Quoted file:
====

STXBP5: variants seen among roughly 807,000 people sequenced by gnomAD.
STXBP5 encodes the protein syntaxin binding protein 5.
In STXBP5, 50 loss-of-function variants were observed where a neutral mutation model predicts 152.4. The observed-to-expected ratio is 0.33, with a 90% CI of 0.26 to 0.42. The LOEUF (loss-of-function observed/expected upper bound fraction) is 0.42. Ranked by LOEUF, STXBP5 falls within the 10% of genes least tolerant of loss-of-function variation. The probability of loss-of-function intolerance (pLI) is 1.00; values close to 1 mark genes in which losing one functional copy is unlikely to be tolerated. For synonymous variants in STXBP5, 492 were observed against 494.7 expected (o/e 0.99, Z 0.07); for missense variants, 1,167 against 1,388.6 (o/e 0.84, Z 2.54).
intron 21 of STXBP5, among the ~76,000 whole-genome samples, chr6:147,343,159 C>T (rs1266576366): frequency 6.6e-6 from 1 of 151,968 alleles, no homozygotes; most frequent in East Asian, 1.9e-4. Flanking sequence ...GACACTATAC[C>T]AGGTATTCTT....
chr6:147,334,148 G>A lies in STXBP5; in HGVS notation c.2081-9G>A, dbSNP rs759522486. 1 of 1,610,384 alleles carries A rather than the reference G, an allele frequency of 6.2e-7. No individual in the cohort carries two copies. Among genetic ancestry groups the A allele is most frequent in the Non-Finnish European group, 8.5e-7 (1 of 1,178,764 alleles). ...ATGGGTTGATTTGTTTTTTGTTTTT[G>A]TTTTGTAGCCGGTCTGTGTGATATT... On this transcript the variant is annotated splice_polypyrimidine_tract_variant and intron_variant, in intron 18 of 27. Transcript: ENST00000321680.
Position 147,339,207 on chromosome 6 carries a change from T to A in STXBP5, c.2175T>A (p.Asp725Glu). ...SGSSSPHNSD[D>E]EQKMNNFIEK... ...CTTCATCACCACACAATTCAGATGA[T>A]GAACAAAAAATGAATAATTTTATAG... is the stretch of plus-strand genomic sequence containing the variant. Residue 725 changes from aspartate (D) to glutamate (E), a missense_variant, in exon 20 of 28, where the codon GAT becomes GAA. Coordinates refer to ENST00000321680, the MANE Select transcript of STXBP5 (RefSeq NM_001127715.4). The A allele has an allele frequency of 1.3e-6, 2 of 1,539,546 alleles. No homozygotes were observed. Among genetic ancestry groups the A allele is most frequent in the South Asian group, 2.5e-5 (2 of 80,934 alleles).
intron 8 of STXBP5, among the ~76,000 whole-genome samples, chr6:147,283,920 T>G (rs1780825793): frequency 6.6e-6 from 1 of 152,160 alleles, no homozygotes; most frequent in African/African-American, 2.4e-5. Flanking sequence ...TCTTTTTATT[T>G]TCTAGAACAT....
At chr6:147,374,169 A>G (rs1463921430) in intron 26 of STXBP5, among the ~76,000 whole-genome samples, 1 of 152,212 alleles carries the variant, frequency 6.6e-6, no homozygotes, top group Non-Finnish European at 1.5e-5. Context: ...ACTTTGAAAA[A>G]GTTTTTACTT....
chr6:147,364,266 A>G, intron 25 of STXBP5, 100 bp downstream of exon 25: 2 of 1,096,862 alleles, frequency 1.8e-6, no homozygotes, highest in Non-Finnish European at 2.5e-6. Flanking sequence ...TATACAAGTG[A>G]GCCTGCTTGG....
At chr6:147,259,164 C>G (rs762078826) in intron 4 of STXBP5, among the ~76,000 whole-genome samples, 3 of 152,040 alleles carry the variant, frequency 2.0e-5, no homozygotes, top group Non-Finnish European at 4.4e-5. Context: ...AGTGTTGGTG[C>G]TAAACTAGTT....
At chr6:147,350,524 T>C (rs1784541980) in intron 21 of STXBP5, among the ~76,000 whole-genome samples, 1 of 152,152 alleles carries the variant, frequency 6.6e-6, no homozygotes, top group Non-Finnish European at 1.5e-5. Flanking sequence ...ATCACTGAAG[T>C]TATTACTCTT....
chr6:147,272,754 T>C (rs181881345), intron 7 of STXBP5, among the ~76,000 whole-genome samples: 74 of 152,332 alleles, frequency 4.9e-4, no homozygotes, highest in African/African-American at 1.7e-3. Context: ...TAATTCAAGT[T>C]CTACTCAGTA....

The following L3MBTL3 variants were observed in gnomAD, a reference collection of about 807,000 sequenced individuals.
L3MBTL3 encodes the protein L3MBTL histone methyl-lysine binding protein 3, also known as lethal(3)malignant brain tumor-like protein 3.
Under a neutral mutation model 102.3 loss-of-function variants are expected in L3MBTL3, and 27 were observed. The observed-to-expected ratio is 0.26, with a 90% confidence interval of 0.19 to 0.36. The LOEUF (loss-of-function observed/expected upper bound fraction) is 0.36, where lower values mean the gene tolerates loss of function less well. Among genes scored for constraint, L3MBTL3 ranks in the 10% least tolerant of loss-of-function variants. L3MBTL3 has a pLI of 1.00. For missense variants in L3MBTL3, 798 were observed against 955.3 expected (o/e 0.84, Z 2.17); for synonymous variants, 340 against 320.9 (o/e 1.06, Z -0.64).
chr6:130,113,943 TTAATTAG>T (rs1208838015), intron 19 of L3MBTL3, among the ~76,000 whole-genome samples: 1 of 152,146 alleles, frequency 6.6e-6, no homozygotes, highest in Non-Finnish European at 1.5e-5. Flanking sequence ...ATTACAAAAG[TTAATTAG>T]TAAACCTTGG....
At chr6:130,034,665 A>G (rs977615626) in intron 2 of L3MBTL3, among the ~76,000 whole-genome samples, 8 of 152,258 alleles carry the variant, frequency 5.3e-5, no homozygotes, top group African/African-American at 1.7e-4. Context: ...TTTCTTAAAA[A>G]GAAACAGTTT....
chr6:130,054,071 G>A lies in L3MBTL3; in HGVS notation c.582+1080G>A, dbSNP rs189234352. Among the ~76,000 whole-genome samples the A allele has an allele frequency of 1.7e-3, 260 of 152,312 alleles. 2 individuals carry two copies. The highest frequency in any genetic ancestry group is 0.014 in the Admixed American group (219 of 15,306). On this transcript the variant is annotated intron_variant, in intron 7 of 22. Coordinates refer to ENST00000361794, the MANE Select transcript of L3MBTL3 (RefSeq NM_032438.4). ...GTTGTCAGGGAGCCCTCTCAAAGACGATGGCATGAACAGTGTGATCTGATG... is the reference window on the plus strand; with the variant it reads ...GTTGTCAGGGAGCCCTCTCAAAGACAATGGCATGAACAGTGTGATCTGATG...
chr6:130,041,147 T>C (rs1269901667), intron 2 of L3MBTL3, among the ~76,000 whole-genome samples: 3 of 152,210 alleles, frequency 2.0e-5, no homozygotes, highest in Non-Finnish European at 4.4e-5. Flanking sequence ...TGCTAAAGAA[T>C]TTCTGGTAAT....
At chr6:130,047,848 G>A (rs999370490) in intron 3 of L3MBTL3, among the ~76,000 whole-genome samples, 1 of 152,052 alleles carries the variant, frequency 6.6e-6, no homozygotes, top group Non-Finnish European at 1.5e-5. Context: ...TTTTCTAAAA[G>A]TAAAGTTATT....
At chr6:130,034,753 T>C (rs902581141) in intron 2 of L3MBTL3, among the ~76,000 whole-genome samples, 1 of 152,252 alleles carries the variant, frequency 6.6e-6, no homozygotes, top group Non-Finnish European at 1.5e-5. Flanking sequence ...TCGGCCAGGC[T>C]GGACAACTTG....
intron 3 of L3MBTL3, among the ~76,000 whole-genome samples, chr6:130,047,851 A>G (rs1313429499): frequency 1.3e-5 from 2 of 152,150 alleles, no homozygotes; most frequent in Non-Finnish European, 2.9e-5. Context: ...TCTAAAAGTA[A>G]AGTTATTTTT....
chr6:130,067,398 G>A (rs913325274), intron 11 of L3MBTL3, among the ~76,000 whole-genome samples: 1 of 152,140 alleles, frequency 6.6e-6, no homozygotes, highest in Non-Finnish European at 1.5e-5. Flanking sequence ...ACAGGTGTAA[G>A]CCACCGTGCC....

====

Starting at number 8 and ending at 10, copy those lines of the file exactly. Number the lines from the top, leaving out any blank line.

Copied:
At chr6:147,374,169 A>G (rs1463921430) in intron 26 of STXBP5, among the ~76,000 whole-genome samples, 1 of 152,212 alleles carries the variant, frequency 6.6e-6, no homozygotes, top group Non-Finnish European at 1.5e-5. Context: ...ACTTTGAAAA[A>G]GTTTTTACTT....
chr6:147,364,266 A>G, intron 25 of STXBP5, 100 bp downstream of exon 25: 2 of 1,096,862 alleles, frequency 1.8e-6, no homozygotes, highest in Non-Finnish European at 2.5e-6. Flanking sequence ...TATACAAGTG[A>G]GCCTGCTTGG....
At chr6:147,259,164 C>G (rs762078826) in intron 4 of STXBP5, among the ~76,000 whole-genome samples, 3 of 152,040 alleles carry the variant, frequency 2.0e-5, no homozygotes, top group Non-Finnish European at 4.4e-5. Context: ...AGTGTTGGTG[C>G]TAAACTAGTT....